President Barack Obama’s choice of Myrlie Evers-Williams to deliver the invocation at his second inauguration shifts the nation’s gaze on this Martin Luther King Jr. Day, ever so gently from the euphoric post-racialism of a black presidency to a legacy of racial violence that has not yet been put to bed, as it also signals, perhaps, the president’s intention to devote public space to this still unsettled issue.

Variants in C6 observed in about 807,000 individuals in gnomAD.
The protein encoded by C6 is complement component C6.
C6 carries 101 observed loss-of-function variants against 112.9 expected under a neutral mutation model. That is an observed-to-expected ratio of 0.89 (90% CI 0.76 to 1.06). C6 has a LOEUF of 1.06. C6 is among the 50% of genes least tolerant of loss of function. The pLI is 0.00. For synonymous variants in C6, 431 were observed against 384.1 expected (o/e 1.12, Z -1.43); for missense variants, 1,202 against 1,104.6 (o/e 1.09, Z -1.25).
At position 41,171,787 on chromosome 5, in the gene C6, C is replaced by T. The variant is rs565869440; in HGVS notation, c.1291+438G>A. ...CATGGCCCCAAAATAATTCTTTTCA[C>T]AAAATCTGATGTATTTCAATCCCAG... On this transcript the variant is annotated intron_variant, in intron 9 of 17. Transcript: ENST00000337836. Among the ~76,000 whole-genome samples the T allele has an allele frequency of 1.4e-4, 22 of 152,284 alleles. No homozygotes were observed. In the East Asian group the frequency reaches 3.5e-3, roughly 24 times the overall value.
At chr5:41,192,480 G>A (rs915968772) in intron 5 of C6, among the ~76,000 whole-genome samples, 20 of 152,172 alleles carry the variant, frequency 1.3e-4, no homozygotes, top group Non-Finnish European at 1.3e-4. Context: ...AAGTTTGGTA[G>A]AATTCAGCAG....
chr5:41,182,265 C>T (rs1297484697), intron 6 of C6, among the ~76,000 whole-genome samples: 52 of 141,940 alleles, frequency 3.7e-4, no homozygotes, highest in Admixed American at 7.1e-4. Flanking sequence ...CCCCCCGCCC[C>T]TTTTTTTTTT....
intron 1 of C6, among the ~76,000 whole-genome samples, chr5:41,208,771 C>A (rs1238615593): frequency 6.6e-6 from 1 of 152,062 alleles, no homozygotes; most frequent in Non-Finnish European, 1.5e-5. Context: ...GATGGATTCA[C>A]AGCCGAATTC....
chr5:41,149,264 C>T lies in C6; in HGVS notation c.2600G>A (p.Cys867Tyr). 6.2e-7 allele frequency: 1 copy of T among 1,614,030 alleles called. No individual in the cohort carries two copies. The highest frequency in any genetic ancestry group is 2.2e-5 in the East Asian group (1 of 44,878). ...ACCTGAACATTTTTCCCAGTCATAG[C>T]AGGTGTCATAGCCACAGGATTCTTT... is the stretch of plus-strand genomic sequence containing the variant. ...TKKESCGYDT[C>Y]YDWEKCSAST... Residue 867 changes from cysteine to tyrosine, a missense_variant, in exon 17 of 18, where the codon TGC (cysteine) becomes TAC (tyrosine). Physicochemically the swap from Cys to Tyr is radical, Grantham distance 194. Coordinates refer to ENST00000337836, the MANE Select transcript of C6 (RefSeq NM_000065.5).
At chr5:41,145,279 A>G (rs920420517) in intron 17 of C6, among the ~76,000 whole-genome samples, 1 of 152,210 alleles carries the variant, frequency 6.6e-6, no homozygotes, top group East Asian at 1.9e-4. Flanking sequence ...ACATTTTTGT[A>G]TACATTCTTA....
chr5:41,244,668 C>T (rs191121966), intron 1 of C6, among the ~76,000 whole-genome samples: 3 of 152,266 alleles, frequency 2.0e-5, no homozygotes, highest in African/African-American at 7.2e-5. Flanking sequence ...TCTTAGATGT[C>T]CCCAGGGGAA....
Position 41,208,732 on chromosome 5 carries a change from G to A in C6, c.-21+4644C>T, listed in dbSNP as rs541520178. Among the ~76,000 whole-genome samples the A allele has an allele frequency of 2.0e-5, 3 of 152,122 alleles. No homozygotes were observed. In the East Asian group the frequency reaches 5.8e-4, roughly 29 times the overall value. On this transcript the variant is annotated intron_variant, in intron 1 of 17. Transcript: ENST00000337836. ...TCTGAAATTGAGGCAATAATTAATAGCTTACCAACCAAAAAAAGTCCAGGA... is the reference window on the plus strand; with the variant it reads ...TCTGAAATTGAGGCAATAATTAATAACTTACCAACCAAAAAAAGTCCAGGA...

By dint mostly of her own persistence, nearly three decades after her husband Medgar Evers was murdered, Evers-Williams succeeded in having his case reopened. In so doing, she opened up challenging questions about how best to repair remote harms and to gain communal integrity from difficult, and differing memories of the past. In 1994, after two previous trials ended in a hung jury, her husband’s killer was convicted. It was, she said, a moment of personal peace and collective justice. What followed were fresh trials of many other civil rights era cold cases and, in spheres outside the courtroom, echoes of the new southern justice in the form of public apologies and truth processes.